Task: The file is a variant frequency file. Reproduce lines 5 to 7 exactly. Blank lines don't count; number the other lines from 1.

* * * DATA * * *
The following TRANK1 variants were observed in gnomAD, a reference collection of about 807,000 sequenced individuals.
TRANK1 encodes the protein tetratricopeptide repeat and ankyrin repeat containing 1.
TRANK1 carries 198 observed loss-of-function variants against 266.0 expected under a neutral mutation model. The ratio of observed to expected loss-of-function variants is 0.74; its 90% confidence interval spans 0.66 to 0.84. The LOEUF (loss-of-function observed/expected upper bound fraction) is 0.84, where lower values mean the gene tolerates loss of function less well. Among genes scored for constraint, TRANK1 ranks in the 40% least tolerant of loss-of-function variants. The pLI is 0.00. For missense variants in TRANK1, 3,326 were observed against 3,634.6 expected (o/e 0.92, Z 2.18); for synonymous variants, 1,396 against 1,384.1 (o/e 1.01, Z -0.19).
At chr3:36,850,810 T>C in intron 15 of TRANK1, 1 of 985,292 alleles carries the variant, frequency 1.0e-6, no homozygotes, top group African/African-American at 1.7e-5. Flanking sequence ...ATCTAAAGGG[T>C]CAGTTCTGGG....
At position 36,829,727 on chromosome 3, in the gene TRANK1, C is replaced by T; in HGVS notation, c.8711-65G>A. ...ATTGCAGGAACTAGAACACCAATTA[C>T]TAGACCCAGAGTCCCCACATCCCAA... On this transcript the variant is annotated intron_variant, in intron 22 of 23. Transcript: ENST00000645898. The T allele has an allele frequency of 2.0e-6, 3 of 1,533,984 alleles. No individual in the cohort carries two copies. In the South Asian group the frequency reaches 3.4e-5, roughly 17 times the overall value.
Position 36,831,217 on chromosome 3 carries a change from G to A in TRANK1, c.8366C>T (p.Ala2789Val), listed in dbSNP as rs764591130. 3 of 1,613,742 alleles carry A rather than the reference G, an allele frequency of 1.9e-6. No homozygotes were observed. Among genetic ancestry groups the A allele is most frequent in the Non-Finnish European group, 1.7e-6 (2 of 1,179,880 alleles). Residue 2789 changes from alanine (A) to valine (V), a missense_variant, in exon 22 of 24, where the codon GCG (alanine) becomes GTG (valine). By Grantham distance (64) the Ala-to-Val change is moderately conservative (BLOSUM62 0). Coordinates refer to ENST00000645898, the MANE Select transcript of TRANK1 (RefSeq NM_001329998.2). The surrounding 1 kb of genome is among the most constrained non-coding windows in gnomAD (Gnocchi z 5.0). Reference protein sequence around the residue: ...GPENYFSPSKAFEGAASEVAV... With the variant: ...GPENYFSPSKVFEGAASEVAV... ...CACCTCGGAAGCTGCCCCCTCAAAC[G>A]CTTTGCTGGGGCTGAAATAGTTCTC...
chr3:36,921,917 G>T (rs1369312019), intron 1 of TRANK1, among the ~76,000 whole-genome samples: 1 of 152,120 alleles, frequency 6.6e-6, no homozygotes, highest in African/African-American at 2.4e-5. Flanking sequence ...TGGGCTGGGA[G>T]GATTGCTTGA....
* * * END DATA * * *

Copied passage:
At position 36,829,727 on chromosome 3, in the gene TRANK1, C is replaced by T; in HGVS notation, c.8711-65G>A. ...ATTGCAGGAACTAGAACACCAATTA[C>T]TAGACCCAGAGTCCCCACATCCCAA... On this transcript the variant is annotated intron_variant, in intron 22 of 23. Transcript: ENST00000645898. The T allele has an allele frequency of 2.0e-6, 3 of 1,533,984 alleles. No individual in the cohort carries two copies. In the South Asian group the frequency reaches 3.4e-5, roughly 17 times the overall value.
Position 36,831,217 on chromosome 3 carries a change from G to A in TRANK1, c.8366C>T (p.Ala2789Val), listed in dbSNP as rs764591130. 3 of 1,613,742 alleles carry A rather than the reference G, an allele frequency of 1.9e-6. No homozygotes were observed. Among genetic ancestry groups the A allele is most frequent in the Non-Finnish European group, 1.7e-6 (2 of 1,179,880 alleles). Residue 2789 changes from alanine (A) to valine (V), a missense_variant, in exon 22 of 24, where the codon GCG (alanine) becomes GTG (valine). By Grantham distance (64) the Ala-to-Val change is moderately conservative (BLOSUM62 0). Coordinates refer to ENST00000645898, the MANE Select transcript of TRANK1 (RefSeq NM_001329998.2). The surrounding 1 kb of genome is among the most constrained non-coding windows in gnomAD (Gnocchi z 5.0). Reference protein sequence around the residue: ...GPENYFSPSKAFEGAASEVAV... With the variant: ...GPENYFSPSKVFEGAASEVAV... ...CACCTCGGAAGCTGCCCCCTCAAAC[G>A]CTTTGCTGGGGCTGAAATAGTTCTC...
chr3:36,921,917 G>T (rs1369312019), intron 1 of TRANK1, among the ~76,000 whole-genome samples: 1 of 152,120 alleles, frequency 6.6e-6, no homozygotes, highest in African/African-American at 2.4e-5. Flanking sequence ...TGGGCTGGGA[G>T]GATTGCTTGA....